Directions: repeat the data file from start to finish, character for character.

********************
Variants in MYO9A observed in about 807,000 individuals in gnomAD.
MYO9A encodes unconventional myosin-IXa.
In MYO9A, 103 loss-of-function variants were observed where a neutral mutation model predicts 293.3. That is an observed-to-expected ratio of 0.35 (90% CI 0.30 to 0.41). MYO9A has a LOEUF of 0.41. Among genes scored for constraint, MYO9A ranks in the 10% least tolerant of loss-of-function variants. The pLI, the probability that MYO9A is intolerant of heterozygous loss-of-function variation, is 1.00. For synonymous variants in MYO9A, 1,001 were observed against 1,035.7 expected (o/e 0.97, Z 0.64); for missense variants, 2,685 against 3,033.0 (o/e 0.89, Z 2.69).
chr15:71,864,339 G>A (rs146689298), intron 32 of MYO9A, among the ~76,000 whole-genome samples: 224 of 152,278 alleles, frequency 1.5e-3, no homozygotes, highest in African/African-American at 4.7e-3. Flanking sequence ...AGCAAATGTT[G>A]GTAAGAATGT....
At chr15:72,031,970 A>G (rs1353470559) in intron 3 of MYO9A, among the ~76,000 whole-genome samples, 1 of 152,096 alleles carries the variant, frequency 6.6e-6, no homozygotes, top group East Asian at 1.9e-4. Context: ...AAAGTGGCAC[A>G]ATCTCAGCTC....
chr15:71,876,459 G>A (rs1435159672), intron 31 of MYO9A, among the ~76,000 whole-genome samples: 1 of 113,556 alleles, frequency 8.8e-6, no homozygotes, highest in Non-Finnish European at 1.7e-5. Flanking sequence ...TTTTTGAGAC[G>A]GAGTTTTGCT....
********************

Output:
Variants in MYO9A observed in about 807,000 individuals in gnomAD.
MYO9A encodes unconventional myosin-IXa.
In MYO9A, 103 loss-of-function variants were observed where a neutral mutation model predicts 293.3. That is an observed-to-expected ratio of 0.35 (90% CI 0.30 to 0.41). MYO9A has a LOEUF of 0.41. Among genes scored for constraint, MYO9A ranks in the 10% least tolerant of loss-of-function variants. The pLI, the probability that MYO9A is intolerant of heterozygous loss-of-function variation, is 1.00. For synonymous variants in MYO9A, 1,001 were observed against 1,035.7 expected (o/e 0.97, Z 0.64); for missense variants, 2,685 against 3,033.0 (o/e 0.89, Z 2.69).
chr15:71,864,339 G>A (rs146689298), intron 32 of MYO9A, among the ~76,000 whole-genome samples: 224 of 152,278 alleles, frequency 1.5e-3, no homozygotes, highest in African/African-American at 4.7e-3. Flanking sequence ...AGCAAATGTT[G>A]GTAAGAATGT....
At chr15:72,031,970 A>G (rs1353470559) in intron 3 of MYO9A, among the ~76,000 whole-genome samples, 1 of 152,096 alleles carries the variant, frequency 6.6e-6, no homozygotes, top group East Asian at 1.9e-4. Context: ...AAAGTGGCAC[A>G]ATCTCAGCTC....
chr15:71,876,459 G>A (rs1435159672), intron 31 of MYO9A, among the ~76,000 whole-genome samples: 1 of 113,556 alleles, frequency 8.8e-6, no homozygotes, highest in Non-Finnish European at 1.7e-5. Flanking sequence ...TTTTTGAGAC[G>A]GAGTTTTGCT....